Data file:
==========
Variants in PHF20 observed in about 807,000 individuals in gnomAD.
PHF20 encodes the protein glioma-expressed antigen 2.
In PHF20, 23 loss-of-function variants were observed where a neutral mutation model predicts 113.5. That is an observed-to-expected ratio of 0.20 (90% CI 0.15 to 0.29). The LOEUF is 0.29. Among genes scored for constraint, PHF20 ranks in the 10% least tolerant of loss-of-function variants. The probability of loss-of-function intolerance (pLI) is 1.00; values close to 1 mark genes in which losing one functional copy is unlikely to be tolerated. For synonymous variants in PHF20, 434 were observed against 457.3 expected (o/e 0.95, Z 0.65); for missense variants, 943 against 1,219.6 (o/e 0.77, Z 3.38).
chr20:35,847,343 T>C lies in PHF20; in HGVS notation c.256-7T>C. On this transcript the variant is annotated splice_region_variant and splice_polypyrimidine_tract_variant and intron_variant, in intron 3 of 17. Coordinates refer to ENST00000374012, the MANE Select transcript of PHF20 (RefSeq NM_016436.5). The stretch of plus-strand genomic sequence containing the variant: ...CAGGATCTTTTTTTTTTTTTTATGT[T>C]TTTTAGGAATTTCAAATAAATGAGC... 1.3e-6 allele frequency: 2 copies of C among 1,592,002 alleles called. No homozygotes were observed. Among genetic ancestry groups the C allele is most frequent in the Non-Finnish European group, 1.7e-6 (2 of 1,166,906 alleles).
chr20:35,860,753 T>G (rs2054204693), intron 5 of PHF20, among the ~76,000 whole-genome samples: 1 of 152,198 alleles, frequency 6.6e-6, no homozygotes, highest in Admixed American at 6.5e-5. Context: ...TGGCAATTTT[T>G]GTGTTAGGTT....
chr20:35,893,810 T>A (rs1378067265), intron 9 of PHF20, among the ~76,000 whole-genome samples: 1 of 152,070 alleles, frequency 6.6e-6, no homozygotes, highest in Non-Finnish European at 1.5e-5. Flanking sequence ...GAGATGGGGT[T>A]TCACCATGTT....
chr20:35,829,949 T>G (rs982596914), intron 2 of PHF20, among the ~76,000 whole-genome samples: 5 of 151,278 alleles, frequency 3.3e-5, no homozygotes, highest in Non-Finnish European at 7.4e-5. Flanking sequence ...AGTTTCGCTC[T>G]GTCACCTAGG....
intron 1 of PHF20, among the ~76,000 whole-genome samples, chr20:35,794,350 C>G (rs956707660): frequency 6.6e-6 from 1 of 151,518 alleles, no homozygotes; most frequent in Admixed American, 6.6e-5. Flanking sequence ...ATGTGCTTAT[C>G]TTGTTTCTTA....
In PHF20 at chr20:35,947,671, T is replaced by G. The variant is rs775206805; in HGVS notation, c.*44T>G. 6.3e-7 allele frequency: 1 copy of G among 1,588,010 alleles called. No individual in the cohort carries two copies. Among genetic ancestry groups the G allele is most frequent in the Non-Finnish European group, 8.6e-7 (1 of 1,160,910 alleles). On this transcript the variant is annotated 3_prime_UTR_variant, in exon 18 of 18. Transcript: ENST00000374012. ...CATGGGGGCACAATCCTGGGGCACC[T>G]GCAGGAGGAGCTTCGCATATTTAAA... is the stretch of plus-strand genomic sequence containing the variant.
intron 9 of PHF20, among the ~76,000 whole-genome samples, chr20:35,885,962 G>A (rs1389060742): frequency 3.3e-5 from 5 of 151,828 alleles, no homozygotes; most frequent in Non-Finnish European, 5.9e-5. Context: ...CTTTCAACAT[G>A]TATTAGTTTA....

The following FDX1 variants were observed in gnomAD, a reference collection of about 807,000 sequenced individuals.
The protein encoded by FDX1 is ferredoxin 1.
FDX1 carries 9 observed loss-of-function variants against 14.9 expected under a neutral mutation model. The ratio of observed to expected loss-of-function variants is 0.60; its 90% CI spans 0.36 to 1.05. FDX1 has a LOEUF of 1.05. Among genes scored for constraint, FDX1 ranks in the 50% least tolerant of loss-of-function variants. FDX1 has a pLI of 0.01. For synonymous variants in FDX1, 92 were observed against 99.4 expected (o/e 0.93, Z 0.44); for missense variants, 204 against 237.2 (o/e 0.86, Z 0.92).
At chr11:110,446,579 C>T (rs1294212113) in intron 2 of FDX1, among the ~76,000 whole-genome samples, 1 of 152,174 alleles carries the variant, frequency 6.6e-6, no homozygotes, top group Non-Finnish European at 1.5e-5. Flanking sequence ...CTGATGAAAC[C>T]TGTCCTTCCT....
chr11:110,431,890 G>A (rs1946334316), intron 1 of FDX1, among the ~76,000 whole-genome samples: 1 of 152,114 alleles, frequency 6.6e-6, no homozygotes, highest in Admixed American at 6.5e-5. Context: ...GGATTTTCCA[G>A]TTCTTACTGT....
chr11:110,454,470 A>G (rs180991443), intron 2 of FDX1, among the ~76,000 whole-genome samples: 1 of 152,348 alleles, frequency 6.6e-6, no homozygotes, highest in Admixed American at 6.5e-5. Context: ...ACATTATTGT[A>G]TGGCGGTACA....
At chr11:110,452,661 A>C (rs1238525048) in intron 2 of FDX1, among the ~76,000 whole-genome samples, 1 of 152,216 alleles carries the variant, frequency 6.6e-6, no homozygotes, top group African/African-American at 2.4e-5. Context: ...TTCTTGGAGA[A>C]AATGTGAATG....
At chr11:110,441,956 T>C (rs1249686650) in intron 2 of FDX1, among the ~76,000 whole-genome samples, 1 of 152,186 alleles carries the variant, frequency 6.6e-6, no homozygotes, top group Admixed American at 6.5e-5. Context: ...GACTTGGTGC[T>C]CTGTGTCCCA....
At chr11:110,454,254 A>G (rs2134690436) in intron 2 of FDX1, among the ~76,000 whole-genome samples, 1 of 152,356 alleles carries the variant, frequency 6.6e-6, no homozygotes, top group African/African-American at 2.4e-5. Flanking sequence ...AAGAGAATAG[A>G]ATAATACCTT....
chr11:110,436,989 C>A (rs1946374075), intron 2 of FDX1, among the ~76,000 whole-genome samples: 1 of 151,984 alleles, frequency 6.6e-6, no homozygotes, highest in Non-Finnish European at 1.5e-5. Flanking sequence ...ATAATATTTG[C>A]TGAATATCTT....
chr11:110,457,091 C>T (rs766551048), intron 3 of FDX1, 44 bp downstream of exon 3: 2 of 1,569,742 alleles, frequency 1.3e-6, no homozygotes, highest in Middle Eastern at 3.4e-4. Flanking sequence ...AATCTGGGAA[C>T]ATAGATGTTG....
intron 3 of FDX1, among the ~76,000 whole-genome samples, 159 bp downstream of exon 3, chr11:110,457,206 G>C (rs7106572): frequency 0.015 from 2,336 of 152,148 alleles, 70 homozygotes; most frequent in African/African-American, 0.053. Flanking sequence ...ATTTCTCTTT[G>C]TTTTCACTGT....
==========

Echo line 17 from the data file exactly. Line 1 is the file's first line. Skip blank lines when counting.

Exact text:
At chr11:110,452,661 A>C (rs1238525048) in intron 2 of FDX1, among the ~76,000 whole-genome samples, 1 of 152,216 alleles carries the variant, frequency 6.6e-6, no homozygotes, top group African/African-American at 2.4e-5. Context: ...TTCTTGGAGA[A>C]AATGTGAATG....